In order to be aware of the various states of the system, we need to do a little configuration at the Joomla! end as well as configuring NGinx appropriately. NGinx, of course, has no understanding of Joomla! and so can't check whether a user is logged in or not. It'd be silly to try and give NGinx a direct understanding of Joomla, so we're going to communicate with it using custom HTTP headers.

To aid in this, I've created a plugin allowing us to conditionally send custom HTTP headers. Before we start though, we really need to summarise exactly what it is we want;

Send a custom header AND set a cookie IF (user is logged in) OR (requested page is in /administrator) OR (requested page is in a specific component).

Taking this site as an example, the shop contains both a cart and a login module. We don't want to present a cached version of either, so we want to ensure that the relevant pages are always retrieved from the Origin. Similarly, we don't want to present information that's only available to logged in users to one who's not logged in - which is exactly what will happen if we allow it to be cached.

 

Configuring the Plugin

Once the plugin is installed, visit Plugin Manager -> Send Custom Header and use the following settings;

  • Status: Enabled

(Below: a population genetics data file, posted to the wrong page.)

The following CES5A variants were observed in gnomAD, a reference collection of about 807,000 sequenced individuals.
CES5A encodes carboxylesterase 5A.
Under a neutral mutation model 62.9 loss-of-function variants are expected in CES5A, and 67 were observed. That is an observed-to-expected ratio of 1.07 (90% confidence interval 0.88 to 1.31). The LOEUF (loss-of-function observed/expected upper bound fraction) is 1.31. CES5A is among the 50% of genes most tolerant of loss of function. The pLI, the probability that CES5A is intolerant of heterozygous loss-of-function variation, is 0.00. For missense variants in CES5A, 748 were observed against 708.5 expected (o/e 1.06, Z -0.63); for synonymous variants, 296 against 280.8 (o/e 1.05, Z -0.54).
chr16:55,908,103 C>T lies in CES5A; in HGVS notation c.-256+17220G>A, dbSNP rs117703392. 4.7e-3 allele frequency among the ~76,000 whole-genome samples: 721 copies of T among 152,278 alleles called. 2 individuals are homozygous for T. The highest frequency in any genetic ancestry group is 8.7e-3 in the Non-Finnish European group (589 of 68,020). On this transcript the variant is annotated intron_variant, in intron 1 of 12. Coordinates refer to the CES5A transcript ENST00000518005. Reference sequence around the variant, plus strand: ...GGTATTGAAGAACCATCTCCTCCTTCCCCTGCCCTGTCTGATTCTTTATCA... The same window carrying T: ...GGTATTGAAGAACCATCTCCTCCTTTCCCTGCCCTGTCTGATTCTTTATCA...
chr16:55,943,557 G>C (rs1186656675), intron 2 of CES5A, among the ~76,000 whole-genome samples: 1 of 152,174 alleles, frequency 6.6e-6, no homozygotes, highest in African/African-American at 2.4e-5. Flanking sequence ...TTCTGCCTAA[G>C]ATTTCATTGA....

• Headers: X-Dont-Cache-Me=no-cache
  • Cookies: JNoCache=True
  • Debug Mode: On
  • SSL Connections: Obey Rules
  • Run On: Front and Back-End
  • Send When: User Logged In
  • Always Run On: com_users, com_jshopping     <- I'm excluding the shop here
  • Never Run On: empty
  • Always on URLs: /administrator,/administrator/,/administrator/index.php
  • Never on URLs: empty

Save the plugin and you should notice no immediate difference on the site, but the change is in the HTTP headers. To view these, either use Live HTTP headers in Firefox, Developer Tools in Chrome or run the command below (use your domain and a valid URL).

telnet www.bentasker.co.uk 80
GET /shop HTTP/1.1
host: www.bentasker.co.uk

Notice the double carriage return after the host header. You'll get a large amount of output, but at the very top you should see something like.